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FilmDrunk Law Review: 10 Fascinating Reasons to Convict A Few Good Men

By 12.18.13

Oscar nom nom nom.


This week, in lieu of the usual Hollyweird Legal Round-Up, our Hollywood Legal Correspondent, Buttockus Finch, asked if he could instead break down the Tom Cruise classic, A Few Good Men, from a legal perspective. I nodded noncommittally as is my response to most things, and here we are. Enjoy. -Vince

Turn off your cellphones and open your Goobers, theatergoers! Today, your consigliere provides expert testimony about courtroom melodrama A Few Good Men (1992).

Background

AFGM was written by Aaron Sorkin, based on his play of the same name. Just as Joyce had Dublin, Faulkner had Mississippi and Lou Reed had all of the parts of Manhattan where taxis don’t go, Sorkin has Sorkinland, a parallel America where the men are straw, the women are terrible at their jobs, and pomposity is coin of the realm. It is here that our tale is set.

Fascinating Fact 1: This Movie Is A Six Degrees Bonanza.

This movie is over 20 years old; it was a major hit, and is remembered for exactly 9 words: Tom Cruise saying “I want the truth!” and Jack Nicholson responding, “You can’t handle the truth!” Even today, the sexual tension between them is palpable (“Ever put your life in another man’s hands?” You may be asking, but I’m not telling, Jack).

The scene is as compelling today as it ever was:

People forget that the film also includes Demi Moore as Woman Who Is Bad At Lawyering, Kevin Bacon as Captain of the Gentile Name All-Star Team (co-captain: Jon Hamm), Kiefer Sutherland as Psycho Who Later Becomes Jack Bauer, Noah Wyle as About To Audition for ER, Cuba Gooding, Jr. as Guy Who Will Win An Oscar in Another Cruise Movie and Have a Terrible Career Afterwards, and Kevin Pollak as Jew Sidekick Who Inexplicably Never Says Hand Me the Keys You F*cking C*cksucker. So if people still play Six Degrees of Kevin Bacon, this movie is almost as helpful as JFK.

Fascinating Fact 2: Cruise’s Character Is An Underqualified Dickweed Who Should Not Be the Defense Attorney.

1992 was a long time ago, although Cruise looked disturbingly similar to the way he does now. He was already a major star (this was a few years after Top Gun and Rainman), and if you wrote a screenplay describing the protagonist as “a brash young _______,” Cruise would magically appear before you in a wee puff of smoke. Here, he plays a brash young Navy lawyer named Daniel Kaffee.

Except, Kaffee bypasses “brash” en route to total c*ckdom. A step back: Demi Moore is Navy woman lawyer Joanne “Jo” Galloway (man’s name in a man’s world!), and she wants to represent two enlisted Marines who have been accused of murder (more on that to follow). Her superiors kibosh her request, saying that they “will assign the right man for the job [emphasis mine; lack of nuance Sorkin's].”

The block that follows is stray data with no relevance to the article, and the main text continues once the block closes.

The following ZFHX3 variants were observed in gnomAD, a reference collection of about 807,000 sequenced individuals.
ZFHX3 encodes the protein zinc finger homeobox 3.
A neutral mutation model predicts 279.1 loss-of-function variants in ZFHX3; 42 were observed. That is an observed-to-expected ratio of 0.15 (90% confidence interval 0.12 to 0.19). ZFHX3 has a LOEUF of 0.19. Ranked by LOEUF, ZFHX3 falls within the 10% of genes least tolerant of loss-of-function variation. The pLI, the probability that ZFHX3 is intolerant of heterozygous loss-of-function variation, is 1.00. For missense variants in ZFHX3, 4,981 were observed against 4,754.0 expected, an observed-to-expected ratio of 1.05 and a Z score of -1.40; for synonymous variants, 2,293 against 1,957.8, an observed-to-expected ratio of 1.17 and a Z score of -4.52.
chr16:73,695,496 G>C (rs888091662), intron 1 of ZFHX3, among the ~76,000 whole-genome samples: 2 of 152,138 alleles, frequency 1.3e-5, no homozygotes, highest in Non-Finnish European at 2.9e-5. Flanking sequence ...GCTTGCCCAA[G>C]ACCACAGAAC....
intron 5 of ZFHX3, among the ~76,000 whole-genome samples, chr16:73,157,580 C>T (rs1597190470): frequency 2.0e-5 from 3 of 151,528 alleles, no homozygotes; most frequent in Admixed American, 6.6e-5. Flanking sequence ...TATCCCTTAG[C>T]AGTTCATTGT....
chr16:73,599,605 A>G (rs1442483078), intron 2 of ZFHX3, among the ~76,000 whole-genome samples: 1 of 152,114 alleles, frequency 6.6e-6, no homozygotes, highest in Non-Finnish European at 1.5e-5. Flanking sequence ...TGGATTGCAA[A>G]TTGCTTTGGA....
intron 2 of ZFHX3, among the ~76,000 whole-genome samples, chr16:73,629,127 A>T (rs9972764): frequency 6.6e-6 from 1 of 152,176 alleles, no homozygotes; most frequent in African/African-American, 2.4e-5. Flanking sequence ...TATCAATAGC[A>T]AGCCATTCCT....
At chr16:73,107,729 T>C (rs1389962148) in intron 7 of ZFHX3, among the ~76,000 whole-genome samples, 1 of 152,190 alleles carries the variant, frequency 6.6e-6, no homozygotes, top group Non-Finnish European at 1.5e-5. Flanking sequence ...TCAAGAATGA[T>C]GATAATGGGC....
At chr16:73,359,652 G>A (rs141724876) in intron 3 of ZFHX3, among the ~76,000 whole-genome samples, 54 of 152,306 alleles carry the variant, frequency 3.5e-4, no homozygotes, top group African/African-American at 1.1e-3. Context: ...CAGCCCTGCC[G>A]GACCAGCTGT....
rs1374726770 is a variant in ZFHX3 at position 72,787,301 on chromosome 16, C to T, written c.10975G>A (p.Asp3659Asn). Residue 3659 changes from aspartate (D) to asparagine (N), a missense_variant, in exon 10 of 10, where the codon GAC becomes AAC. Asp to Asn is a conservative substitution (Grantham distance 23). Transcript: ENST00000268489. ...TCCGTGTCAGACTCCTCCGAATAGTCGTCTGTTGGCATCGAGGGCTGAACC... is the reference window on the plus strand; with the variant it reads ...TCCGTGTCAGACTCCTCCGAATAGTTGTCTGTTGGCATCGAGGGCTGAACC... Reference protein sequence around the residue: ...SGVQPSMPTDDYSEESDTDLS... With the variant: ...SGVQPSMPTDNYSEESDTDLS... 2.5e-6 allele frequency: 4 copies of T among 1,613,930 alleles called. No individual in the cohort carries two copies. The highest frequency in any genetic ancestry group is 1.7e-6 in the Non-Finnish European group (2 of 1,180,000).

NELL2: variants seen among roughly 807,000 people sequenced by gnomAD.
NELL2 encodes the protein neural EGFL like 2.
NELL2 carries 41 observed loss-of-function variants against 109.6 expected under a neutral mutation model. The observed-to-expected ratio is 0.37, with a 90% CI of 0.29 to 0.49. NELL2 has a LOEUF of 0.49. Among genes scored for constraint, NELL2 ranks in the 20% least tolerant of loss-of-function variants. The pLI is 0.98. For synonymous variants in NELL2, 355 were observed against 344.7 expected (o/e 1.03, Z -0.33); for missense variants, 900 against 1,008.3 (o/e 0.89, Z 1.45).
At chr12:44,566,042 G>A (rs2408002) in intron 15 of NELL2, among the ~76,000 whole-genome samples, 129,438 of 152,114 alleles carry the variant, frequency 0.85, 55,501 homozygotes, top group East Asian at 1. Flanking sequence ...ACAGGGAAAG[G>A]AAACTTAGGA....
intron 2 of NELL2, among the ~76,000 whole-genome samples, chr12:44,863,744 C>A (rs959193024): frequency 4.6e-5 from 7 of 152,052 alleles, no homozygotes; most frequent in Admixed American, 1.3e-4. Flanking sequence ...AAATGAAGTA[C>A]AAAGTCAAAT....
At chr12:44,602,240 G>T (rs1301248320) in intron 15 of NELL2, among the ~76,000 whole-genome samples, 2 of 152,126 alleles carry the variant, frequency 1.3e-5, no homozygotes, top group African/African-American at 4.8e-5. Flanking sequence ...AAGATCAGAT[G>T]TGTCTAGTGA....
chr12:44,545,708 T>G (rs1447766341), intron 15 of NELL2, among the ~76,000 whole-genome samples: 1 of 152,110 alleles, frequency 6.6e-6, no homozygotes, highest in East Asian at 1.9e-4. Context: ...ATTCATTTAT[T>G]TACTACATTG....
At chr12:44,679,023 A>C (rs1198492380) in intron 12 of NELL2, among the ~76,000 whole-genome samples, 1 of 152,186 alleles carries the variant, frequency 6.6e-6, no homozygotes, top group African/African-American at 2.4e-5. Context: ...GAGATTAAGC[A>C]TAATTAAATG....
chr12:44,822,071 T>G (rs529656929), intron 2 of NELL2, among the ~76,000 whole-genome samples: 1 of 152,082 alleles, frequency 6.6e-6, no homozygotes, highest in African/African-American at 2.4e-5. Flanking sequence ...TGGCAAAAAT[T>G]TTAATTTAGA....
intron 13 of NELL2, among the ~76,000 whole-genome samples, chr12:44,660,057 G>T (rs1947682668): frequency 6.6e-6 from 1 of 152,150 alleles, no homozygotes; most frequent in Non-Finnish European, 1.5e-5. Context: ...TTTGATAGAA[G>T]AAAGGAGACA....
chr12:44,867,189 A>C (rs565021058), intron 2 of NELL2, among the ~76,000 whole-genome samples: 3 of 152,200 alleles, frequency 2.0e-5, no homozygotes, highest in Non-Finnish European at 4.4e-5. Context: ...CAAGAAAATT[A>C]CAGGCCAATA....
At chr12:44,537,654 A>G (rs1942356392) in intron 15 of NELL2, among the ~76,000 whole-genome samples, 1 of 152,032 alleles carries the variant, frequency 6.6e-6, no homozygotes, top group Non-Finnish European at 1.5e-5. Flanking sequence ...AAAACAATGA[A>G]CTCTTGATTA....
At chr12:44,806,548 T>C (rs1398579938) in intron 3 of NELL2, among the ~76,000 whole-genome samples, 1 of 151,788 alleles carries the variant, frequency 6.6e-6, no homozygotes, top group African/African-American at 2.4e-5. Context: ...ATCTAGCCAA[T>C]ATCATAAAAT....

The rationale being, Jo lacks courtroom experience. Jo is a Lieutenant Commander, and according to my military technical advisers (read: former Mossad guys I keep on the payroll to “run errands” involving “violence”), that’s a fairly senior rank. So she’s been in the Navy for at least, say, 8 years. The superiors assign the case to Cruise, who is a Lieutenant Junior Grade, and he exposits that he has been a lawyer for 1 year and a military officer for 9 months.

He must have gotten the job because of his courtroom prowess, right? Negative, ghostrider–he has never handled a trial either. And he’s incredibly disrespectful to superior officers, not just Demi. But he gets put in charge of a murder trial because sure. That doesn’t mean Demi should get the job instead, but presumably there’s a person they could find who is actually qualified and/or not a putz.

Skipping ahead–does Cruise get his comeuppance later? Hells no. Demi, however, turns out to be a f*ckup in court. Women be ineptin’, amirite fellas?

[Additional Fun Fact: Cruise’s lawyer guy character was supposedly based on post-Hubbard Church of Scientology leader David Miscavige. Who, if you believe some of the various allegations against him, is a wee bit of a dangerous sociopath. See Going Clear for details. -Vince]

3. Fascinating Fact 3: Rob Reiner Thinks You Are An Imbecile.

Director Rob Reiner had a solid career going at the time–Spinal Tap, The Sure Thing, Stand By Me, The Princess BrideWhen Harry Met Sally and Misery preceded this. AFGM marks the end of his “watchable” period.

The story takes place primarily in Washington D.C. We are told this specifically at the outset. Lest we forget, he sprinkles in at least six shots of various national monuments, including two (2) of the Iwo Jima statue (which, you have to admit, is a very open-minded symbol for a traditionally homophobic organization).


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TAGSA FEW GOOD MENaaron sorkinBUTTOCKUS FINCHFILMDRUNK LAW REVIEWGUEST REVIEWS

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